…who gave himself for us to set us free from all wickedness (Titus 2:14, lutroomai).

…but he entered the Most Holy Place once for all by his own blood, thus obtaining eternal liberation (Hebrews 9:12, lutrōsis).

The only other occurrences of “redeem” and “redemption” in the TNIV New Testament are in Galatians 3:13,14, 4:5 and Revelation 14:3. In these places “redeem” represents a quite different Greek word group, agorazō and exagorazō, which mean “buy, purchase”. These words are also used of Christian “redemption” in 1 Corinthians 6:20, 7:23, 2 Peter 2:1, Revelation 5:9, 14:4, where TNIV translates “buy” or “purchase”; also arguably Ephesians 5:16 where TNIV correctly interprets “making the most of”.

If “purchase” is acceptable in Revelation 14:4, it should also be used in 14:3 where it would be much clearer. This leaves Galatians 3:13,14 (the Greek word in v.13 is translated twice for clarity) and 4:5. In the latter case the reference is to freedom from slavery, but the Greek word has clear connotations of purchase. In 3:13 the point is that we were cursed and have now been set free from the curse. So I would suggest the following, modified from TNIV:

Christ set us free from the curse of the law… He set us free in order that… (Galatians 3:13-14).

…to purchase those under the law… (Galatians 4:5).

…the 144,000 who had been purchased from the earth (Revelation 14:3).

So we are left with a modified TNIV New Testament without the poorly understood words “redeem” and “redemption”, which to me would be great improvement. Similar changes to the Old Testament might also be beneficial, but I won’t go into that now.

As noted on the Better Bibles Blog, the Good News Bible (Today’s English Version), the Jerusalem Bible, the Contemporary English Version, the New Living Translation and The Message have mostly avoided the words “redeem” and “redemption”. But other recent versions like TNIV have, sadly, kept to a traditional wording which is poorly understood and misleading. As Christians we can claim to be redeemed, but how much clearer is this wonderful truth when we express it as “Jesus has set us free!”

It's never too late to say "sorry"

Another story from the BBC:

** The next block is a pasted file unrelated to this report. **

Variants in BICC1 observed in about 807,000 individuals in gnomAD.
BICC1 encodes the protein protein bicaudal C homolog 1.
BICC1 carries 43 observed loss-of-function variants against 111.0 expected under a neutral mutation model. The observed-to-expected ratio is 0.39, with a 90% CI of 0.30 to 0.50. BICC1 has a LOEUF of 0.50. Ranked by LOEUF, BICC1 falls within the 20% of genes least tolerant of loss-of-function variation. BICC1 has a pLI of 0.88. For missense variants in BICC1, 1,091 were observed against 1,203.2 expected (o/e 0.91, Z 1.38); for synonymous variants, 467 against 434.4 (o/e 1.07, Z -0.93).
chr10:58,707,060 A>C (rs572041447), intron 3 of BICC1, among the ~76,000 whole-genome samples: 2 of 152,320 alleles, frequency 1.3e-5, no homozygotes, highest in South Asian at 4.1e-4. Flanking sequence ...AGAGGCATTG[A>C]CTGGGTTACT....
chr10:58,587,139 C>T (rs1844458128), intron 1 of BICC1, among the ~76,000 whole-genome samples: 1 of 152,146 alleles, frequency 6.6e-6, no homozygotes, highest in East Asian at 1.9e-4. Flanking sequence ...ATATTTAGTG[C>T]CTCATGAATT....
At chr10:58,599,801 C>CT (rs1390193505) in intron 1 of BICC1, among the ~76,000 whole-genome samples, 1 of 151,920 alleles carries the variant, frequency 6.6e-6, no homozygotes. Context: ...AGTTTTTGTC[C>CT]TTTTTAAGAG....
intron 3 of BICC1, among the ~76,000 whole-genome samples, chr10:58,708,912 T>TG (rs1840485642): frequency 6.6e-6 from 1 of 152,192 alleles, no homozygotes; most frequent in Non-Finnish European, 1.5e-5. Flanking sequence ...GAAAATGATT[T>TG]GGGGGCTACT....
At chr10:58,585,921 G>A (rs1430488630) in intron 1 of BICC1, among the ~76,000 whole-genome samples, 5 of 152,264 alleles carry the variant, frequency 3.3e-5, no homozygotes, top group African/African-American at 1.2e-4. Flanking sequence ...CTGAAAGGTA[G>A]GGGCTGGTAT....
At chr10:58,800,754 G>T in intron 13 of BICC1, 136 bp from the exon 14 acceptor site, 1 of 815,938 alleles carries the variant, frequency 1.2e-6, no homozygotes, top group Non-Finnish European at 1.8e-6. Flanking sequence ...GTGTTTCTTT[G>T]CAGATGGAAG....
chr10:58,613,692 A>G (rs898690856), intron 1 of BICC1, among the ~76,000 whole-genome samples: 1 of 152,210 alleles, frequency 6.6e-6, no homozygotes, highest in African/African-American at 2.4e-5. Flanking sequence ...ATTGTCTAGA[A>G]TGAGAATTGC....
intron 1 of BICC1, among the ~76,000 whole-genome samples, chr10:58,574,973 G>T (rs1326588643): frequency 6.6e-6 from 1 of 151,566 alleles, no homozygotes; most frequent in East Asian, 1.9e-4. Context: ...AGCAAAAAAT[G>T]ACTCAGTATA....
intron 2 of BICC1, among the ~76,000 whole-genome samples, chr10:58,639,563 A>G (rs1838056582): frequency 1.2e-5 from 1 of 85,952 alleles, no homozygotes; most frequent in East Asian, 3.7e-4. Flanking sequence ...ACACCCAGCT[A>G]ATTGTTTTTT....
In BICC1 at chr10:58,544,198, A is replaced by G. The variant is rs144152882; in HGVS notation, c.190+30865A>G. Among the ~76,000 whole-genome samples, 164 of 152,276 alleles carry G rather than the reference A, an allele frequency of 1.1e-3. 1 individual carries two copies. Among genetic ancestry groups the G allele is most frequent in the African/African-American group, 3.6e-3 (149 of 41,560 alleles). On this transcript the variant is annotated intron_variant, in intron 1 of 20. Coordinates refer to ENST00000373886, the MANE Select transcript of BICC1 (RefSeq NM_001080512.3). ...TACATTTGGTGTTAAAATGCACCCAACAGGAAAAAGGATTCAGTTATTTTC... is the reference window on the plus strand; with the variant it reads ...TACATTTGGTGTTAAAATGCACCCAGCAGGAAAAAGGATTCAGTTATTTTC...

Sorry is often said to be the hardest word but Andrew Hawkins felt compelled to apologise to a crowd of thousands of Africans.

His regret was not for his own actions but offered on behalf of his ancestor, who traded in African slaves 444 years ago. …

It’s never too late to say “sorry”, or at least never so late that it is not worth saying. Individuals and nations may be trapped by the consequences of sins of past generations, even from centuries ago. Saying “sorry” releases those who say it, as well as those they say it to, and enables them all to move ahead in a positive and beneficial relationship. Andrew, who seems to be some kind of Christian, has realised this and set himself free from any kind of bondage to this slave-trading heritage in his past. And hopefully his actions, and those of the group he is part of, will help to extinguish the remnants of racism and promote full reconciliation between the descendants of slaves and the descendants of those who profited from slavery.

Second Coming insurance refused!

I don’t really intend this blog to be a collection of oddities. But I can’t resist linking to this one, about three sisters who tried to insure themselves to cover the cost of bringing up Christ, if they should conceive him by virgin birth for his Second Coming! This is what the BBC says, so I suppose it must be true, although I am asking a friend who works for them to check it out.

Of course these sisters have forgotten that the Second Coming will not be a repeat of the first one, not another child being born by virgin birth, but:

At that time people will see the Son of Man coming in clouds with great power and glory.

Mark 13:26 (TNIV©)

Walking on Water

Peter walks on waterAt the Revival Days conference I was at last weekend I felt some of the time that I was walking on water! Not quite in the literal sense, despite this picture of me taken at a nearby ford. But it was certainly a wonderful time of being close to the Lord and feeling his refreshing presence.

I mentioned this conference in my posting a couple of weeks ago on the Toronto Blessing. Yes, some of the Toronto manifestations were still happening. It is sad, perhaps, that Blogger does not support video clips, as I have a great one of some friends of mine rolling on the floor laughing in the Spirit – but then, although the conference venue had been declared a “Fear Free Zone (1 John 4:18)”, my friends might be a bit embarrassed to see this on the Internet.

But the focus of the conference was not on manifestations. In fact it was on God the Father’s love. The speakers (the two pastors of the church, who both happen to be women) encouraged us to reject a caricature of the Trinity, that the Father is the stern one, the Son is the loving one, and the Holy Spirit is the fun one! They reminded us that the Father is also the loving one, and that even if our earthly fathers were stern, or worse, and not loving, our heavenly Father is not like that. This led to some powerful prayer ministry for people who found it hard to experience the Father’s love because of past hurts.

For me this conference was mainly a time of confirmation of things which God had said to me before and encouragement to continue in the same directions. I am being led into serving him in new and deeper ways, and should expect to see signs and wonders. Who knows, I may really find I can walk on water – so that Jesus may be glorified.

The Duck Quacks Back